October 2, 2014—A new CFR-sponsored Independent Task Force report, North America: Time for a New Focus, asserts that elevating and prioritizing the Canada-Mexico-U.S. relationship offers the best opportunity for strengthening the United States and its place in the world.
"It is time to put North America at the forefront of U.S. policy," the report says. "The development and implementation of a strategy for U.S. economic, energy, security, environmental, and societal cooperation with its two neighbors can strengthen the United States at home and enhance its influence abroad."
Chaired by David H. Petraeus, retired U.S. Army general and chairman of the KKR Global Institute, and Robert B. Zoellick, former president of the World Bank Group and chairman of Goldman Sachs’s International Advisors, the Task Force is composed of a diverse and distinguished group of experts that includes former government officials, scholars, and others. The project is directed by CFR Senior Fellow for Latin America Studies Shannon K. O’Neil.
The Task Force proposes a comprehensive set of recommendations for deepening North American integration, concentrating on four pivotal areas—energy, economic competitiveness, security, and community. These include:
Capitalizing on North America’s promising energy outlook. The North American countries need a regional energy strategy to strengthen the continent’s energy infrastructure, expand energy exports, support Mexico’s historic reforms, improve safety, and encourage harmonized policies to promote energy conservation and reduce carbon emissions.
"For economic, environmental, and diplomatic reasons, the Task Force recommends that the U.S. government encourage increased energy connections with Canada and Mexico. The U.S. government should approve additional pipeline capacity, including the Keystone XL pipeline," the report says. "The Task Force also proposes that the United States end restrictions on energy exports, including oil and LNG (liquefied natural gas)."
Bolstering economic competitiveness through the freer movement of goods and services across borders. Upgrading infrastructure and policies across borders would interconnect national economies securely and efficiently. Recognizing trilateral economic interests, the United States should also include Canada and Mexico in its negotiations for the Transatlantic Trade and Investment Partnership (TTIP) and other free trade agreements.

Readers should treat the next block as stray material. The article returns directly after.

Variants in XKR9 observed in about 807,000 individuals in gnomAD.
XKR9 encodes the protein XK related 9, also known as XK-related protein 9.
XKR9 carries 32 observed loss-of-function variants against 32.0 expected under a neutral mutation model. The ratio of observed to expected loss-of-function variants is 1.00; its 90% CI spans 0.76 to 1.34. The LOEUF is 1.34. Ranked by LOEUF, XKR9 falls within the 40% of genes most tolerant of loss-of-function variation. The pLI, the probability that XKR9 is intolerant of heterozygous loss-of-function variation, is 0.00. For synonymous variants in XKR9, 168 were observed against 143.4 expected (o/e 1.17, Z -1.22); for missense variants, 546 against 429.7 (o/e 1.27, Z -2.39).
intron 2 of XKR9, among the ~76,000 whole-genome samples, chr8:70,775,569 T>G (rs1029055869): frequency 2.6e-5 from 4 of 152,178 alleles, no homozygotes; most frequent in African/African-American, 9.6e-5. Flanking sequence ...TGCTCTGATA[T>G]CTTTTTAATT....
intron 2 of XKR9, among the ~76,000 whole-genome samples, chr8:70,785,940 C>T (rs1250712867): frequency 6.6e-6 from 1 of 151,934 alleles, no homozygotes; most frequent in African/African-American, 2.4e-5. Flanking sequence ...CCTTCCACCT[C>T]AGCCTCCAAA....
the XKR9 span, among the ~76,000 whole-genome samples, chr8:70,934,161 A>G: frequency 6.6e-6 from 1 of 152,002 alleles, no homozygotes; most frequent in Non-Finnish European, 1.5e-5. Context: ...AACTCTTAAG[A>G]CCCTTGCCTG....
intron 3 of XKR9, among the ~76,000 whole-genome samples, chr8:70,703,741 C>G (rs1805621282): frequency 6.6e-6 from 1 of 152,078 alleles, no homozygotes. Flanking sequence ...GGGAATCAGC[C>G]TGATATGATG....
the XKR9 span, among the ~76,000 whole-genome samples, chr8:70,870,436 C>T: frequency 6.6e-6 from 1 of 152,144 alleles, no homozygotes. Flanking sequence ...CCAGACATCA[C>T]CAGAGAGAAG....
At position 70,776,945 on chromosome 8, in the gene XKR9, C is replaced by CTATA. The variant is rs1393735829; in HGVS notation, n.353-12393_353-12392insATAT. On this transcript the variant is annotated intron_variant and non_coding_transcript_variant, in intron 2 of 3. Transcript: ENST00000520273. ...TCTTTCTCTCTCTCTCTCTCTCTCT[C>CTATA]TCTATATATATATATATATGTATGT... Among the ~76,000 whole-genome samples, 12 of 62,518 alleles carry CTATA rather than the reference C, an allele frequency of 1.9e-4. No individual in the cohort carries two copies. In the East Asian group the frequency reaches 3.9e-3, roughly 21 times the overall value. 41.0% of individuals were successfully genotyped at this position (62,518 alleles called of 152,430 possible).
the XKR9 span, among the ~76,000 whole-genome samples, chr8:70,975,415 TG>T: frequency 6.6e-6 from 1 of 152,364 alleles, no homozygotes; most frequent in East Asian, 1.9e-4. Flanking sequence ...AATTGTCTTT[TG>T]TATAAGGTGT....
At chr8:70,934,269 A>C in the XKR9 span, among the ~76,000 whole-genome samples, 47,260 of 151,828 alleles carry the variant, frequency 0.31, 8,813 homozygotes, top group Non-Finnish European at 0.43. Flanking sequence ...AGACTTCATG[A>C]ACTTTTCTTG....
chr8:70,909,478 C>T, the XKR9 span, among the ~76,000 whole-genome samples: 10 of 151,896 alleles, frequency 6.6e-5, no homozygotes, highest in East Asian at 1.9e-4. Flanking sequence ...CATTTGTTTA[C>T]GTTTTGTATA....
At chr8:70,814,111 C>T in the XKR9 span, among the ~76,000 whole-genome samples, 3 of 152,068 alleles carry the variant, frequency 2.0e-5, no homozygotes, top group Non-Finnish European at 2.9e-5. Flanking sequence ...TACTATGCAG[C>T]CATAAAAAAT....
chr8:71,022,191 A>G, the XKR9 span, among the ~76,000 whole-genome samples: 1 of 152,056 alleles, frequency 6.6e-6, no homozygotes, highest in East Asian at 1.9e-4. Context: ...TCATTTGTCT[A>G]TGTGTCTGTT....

"The United States’ ability to compete in a dynamic and competitive world economy would be strengthened by enhanced economic ties with Canada and Mexico," the report explains. "The Task Force recommends working toward the free and unimpeded movement of goods and services across North America’s common borders."
Strengthening security through a unified continental strategy and "continuous border innovation." While working toward the goal of a unified security strategy for North America, the United States and Canada should support Mexican efforts to strengthen the democratic rule of law, dismantle criminal networks, contribute to the development of resilient and cohesive communities, and reduce arms smuggling and drug consumption.
"The United States should shift from border-centric security toward a strategy of combining perimeter protection with security in depth through the use of intelligence, risk assessment, shared capabilities, and joint actions throughout the region," the report says.
Fostering a North American community through comprehensive immigration reform, workforce development, and the creation of a mobility accord to facilitate the movement of workers. The U.S. Congress should pass comprehensive immigration reforms. To better aid the movement of North American workers, the three countries should also create a North American Mobility Accord, expand visas for skilled workers, streamline recognition of professional credentials, and develop a regional educational innovation strategy.